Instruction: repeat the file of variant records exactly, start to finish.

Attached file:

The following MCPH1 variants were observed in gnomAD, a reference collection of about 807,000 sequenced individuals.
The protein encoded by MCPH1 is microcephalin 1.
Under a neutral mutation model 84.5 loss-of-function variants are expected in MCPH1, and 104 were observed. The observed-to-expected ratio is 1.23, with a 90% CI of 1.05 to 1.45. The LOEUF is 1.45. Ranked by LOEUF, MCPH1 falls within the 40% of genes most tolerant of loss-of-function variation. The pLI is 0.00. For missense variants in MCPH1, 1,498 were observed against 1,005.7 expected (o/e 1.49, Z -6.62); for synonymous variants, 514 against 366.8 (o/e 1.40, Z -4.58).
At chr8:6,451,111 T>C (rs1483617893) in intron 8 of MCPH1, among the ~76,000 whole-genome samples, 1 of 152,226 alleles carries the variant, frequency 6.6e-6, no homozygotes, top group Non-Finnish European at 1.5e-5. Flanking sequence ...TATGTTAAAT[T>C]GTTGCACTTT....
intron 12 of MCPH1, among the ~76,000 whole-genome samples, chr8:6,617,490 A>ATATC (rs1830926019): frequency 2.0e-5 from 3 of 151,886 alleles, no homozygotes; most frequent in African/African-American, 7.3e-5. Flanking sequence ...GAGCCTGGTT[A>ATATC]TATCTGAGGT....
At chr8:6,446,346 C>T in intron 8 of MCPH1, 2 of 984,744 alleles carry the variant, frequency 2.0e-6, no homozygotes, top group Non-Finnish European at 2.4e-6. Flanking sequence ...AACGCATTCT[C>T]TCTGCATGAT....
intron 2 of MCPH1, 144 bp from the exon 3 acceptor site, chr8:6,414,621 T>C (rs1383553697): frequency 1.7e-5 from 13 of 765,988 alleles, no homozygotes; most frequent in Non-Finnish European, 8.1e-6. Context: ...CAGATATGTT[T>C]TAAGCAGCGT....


The following MCPH1 variants were observed in gnomAD, a reference collection of about 807,000 sequenced individuals.
The protein encoded by MCPH1 is microcephalin 1.
Under a neutral mutation model 84.5 loss-of-function variants are expected in MCPH1, and 104 were observed. The observed-to-expected ratio is 1.23, with a 90% CI of 1.05 to 1.45. The LOEUF is 1.45. Ranked by LOEUF, MCPH1 falls within the 40% of genes most tolerant of loss-of-function variation. The pLI is 0.00. For missense variants in MCPH1, 1,498 were observed against 1,005.7 expected (o/e 1.49, Z -6.62); for synonymous variants, 514 against 366.8 (o/e 1.40, Z -4.58).
At chr8:6,451,111 T>C (rs1483617893) in intron 8 of MCPH1, among the ~76,000 whole-genome samples, 1 of 152,226 alleles carries the variant, frequency 6.6e-6, no homozygotes, top group Non-Finnish European at 1.5e-5. Flanking sequence ...TATGTTAAAT[T>C]GTTGCACTTT....
intron 12 of MCPH1, among the ~76,000 whole-genome samples, chr8:6,617,490 A>ATATC (rs1830926019): frequency 2.0e-5 from 3 of 151,886 alleles, no homozygotes; most frequent in African/African-American, 7.3e-5. Flanking sequence ...GAGCCTGGTT[A>ATATC]TATCTGAGGT....
At chr8:6,446,346 C>T in intron 8 of MCPH1, 2 of 984,744 alleles carry the variant, frequency 2.0e-6, no homozygotes, top group Non-Finnish European at 2.4e-6. Flanking sequence ...AACGCATTCT[C>T]TCTGCATGAT....
intron 2 of MCPH1, 144 bp from the exon 3 acceptor site, chr8:6,414,621 T>C (rs1383553697): frequency 1.7e-5 from 13 of 765,988 alleles, no homozygotes; most frequent in Non-Finnish European, 8.1e-6. Context: ...CAGATATGTT[T>C]TAAGCAGCGT....